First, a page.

A New York resident was recently arrested in Boston’s South Station after law enforcement found approximately 10 pounds of marijuana stuffed inside the man’s travel bag. Massachusetts Bay Transit Authority officers were alerted after a bus terminal worker reported a strong marijuana odor emanating from a piece of baggage.
After performing an investigation, law enforcement found approximately 10 pounds of marijuana as well as a scale inside of the bag. The alleged owner of the marijuana was later arrested and charged with possession of marijuana with the intent to distribute.
While the man in this case ended up facing criminal charges based only on the odor of marijuana, there are other situations in which law enforcement cannot use the mere scent of marijuana alone to pursue an arrest. This article reviews some important Massachusetts laws that you should know regarding marijuana smells and criminal offenses.
Vehicle Stops Based on the Smell of Marijuana
For years, courts held that the smell of marijuana gave law enforcement probable cause to perform a vehicle stop. In the 2015 case of Commonwealth v. Rodriguez, the Massachusetts Supreme Court held that law enforcement officers cannot stop a vehicle when they only have reasonable suspicion that a civil infraction for a small amount of marijuana has occurred.
This means that if law enforcement only smells the odor of burnt marijuana emanating from your vehicle, they still need probable cause demonstrating that you are committing a criminal offense. Because marijuana possession of a small amount is not a criminal offense, law enforcement cannot use the smell of marijuana to form probable cause that a person has committed any other type of crime. The reasoning behind the court’s decision was that the odor of marijuana can be carried on a person’s clothing or might be from someone else.
Vehicle Searches Due to the Smell of Marijuana
In the same way that law enforcement in Massachusetts cannot stop your vehicle based on only the smell of marijuana, they also cannot search your vehicle as the result of the smell of marijuana. In the 2014 case of Commonwealth v. Overmeyer, the Massachusetts Supreme Court found that law enforcement can only search a vehicle if the police have probable cause that your vehicle contains evidence of a criminal offense.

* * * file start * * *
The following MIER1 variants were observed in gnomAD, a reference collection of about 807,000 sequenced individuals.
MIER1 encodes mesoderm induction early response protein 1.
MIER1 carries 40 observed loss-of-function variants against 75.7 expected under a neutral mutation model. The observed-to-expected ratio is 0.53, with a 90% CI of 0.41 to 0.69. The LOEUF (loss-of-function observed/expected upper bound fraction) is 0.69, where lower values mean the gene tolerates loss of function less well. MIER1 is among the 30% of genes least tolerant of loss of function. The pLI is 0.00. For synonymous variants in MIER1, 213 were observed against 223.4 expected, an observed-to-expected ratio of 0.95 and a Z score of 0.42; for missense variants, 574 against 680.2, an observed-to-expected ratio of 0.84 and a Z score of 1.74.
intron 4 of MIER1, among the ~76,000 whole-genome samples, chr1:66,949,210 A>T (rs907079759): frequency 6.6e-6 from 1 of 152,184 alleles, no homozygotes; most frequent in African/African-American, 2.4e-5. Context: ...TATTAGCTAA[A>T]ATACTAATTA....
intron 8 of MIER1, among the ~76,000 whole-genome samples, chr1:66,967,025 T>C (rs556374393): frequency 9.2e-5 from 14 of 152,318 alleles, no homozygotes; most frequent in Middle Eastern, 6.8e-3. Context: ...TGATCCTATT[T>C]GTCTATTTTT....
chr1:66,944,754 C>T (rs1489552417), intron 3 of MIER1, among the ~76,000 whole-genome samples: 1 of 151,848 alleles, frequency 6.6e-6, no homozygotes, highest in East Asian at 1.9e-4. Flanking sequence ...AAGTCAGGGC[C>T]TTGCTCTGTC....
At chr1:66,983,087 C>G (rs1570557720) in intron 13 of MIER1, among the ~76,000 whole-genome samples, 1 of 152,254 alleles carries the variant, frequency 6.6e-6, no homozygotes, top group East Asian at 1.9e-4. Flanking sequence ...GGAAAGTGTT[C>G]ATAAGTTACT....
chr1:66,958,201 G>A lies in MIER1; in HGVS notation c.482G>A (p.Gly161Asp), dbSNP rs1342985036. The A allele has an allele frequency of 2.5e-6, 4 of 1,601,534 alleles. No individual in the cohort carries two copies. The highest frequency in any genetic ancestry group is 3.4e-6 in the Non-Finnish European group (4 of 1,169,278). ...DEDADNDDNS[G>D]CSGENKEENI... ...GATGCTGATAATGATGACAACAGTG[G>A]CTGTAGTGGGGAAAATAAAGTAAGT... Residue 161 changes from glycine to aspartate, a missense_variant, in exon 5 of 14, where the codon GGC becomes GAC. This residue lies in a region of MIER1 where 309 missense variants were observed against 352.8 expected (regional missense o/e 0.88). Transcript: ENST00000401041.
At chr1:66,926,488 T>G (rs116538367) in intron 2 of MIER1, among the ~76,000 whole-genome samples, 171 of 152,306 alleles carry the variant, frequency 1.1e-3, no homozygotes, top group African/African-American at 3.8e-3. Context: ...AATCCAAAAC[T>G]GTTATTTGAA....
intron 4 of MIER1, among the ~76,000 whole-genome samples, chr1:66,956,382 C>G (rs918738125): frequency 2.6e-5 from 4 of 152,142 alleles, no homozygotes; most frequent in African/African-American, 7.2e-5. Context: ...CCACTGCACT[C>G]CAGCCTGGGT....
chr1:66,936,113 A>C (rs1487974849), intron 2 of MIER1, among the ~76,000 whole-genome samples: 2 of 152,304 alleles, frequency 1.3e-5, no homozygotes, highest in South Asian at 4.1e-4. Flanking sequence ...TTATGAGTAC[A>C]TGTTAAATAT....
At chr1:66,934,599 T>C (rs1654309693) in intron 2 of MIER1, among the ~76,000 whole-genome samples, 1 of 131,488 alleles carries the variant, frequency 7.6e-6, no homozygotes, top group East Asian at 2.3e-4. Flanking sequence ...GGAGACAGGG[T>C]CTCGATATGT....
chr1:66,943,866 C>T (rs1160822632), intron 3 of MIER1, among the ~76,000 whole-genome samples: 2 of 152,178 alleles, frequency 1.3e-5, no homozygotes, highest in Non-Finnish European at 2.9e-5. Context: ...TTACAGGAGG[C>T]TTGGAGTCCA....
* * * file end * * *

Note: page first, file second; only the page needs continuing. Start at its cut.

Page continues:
The odor of burnt marijuana does not establish probable cause that a criminal offense has been committed because an odor does not inform law enforcement about the amount of marijuana that is in a vehicle.
What This Means for Massachusetts Drivers
It is common for law enforcement to claim that they smell marijuana. Combined with other factors, Massachusetts police often use these factors to justify an arrest. There have even been cases of law enforcement lying about the smell of marijuana so they can continue a search. This means that if law enforcement claims to smell marijuana coming from you or your vehicle, you are at greater risk of ending up in a difficult situation.
Law enforcement, however, cannot use the smell of marijuana whether burnt or unburnt as the only factor to stop your vehicle or perform a vehicle search. Some factors that can lead to searches or stops if paired with the smell of marijuana include erratic driving, failure to use a turn signal, following too close, and speeding.
Speak with an Experienced Criminal Defense Attorney
Being convicted of a marijuana-related offense can result in a person facing large fines, jail time, and many other complications. As a result, if you find yourself in such a situation, you should not hesitate to speak with a skilled criminal defense lawyer. Contact attorney Edward R. Molari today to schedule a free case evaluation.